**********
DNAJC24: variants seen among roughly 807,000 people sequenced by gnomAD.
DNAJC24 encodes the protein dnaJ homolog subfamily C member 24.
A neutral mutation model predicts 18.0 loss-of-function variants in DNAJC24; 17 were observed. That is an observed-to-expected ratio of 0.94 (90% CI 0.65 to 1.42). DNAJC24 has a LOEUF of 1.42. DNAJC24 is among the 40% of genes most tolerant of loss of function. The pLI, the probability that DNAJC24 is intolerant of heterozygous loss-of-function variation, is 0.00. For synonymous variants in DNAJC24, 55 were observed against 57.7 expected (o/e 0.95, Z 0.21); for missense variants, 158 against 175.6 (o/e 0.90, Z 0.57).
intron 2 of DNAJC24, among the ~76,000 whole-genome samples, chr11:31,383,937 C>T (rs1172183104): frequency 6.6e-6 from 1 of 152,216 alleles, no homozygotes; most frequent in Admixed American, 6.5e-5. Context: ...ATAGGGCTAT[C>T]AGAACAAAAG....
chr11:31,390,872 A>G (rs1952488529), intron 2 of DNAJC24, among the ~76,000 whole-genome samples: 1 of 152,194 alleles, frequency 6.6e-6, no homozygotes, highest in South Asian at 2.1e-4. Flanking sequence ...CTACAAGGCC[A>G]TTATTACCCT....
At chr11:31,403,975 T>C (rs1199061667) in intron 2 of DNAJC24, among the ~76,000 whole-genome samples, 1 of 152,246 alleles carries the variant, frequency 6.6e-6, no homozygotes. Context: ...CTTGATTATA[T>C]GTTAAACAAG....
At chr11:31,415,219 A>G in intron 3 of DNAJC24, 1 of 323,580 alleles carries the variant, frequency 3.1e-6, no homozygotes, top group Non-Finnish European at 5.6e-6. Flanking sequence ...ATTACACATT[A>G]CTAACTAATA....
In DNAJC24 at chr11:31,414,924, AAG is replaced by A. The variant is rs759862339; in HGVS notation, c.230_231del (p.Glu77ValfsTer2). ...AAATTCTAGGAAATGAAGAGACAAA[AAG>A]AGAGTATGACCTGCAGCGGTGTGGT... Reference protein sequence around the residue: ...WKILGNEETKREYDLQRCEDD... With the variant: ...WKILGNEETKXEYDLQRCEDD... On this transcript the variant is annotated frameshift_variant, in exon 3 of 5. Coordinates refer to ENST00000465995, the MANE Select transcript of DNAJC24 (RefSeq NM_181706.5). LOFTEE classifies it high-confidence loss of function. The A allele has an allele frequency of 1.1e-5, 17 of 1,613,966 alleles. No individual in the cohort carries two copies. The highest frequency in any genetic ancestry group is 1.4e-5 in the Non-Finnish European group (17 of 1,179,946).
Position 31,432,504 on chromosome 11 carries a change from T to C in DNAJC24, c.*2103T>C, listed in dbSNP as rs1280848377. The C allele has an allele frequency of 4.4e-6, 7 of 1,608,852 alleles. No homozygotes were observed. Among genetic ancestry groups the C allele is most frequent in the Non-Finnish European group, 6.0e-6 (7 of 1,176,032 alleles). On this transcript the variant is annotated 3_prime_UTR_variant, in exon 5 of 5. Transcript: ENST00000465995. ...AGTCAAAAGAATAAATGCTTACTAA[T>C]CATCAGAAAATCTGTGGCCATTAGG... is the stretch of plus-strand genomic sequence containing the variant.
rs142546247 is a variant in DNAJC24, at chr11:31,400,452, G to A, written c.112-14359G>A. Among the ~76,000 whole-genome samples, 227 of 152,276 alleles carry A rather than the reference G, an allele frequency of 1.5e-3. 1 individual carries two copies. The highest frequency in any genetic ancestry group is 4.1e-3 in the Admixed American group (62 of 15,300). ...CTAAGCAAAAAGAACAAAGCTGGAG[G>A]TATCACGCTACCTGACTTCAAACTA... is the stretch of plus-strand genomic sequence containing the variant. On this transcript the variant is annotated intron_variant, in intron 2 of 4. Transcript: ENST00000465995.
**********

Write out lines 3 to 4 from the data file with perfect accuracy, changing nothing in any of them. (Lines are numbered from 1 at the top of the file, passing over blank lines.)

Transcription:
A neutral mutation model predicts 18.0 loss-of-function variants in DNAJC24; 17 were observed. That is an observed-to-expected ratio of 0.94 (90% CI 0.65 to 1.42). DNAJC24 has a LOEUF of 1.42. DNAJC24 is among the 40% of genes most tolerant of loss of function. The pLI, the probability that DNAJC24 is intolerant of heterozygous loss-of-function variation, is 0.00. For synonymous variants in DNAJC24, 55 were observed against 57.7 expected (o/e 0.95, Z 0.21); for missense variants, 158 against 175.6 (o/e 0.90, Z 0.57).
intron 2 of DNAJC24, among the ~76,000 whole-genome samples, chr11:31,383,937 C>T (rs1172183104): frequency 6.6e-6 from 1 of 152,216 alleles, no homozygotes; most frequent in Admixed American, 6.5e-5. Context: ...ATAGGGCTAT[C>T]AGAACAAAAG....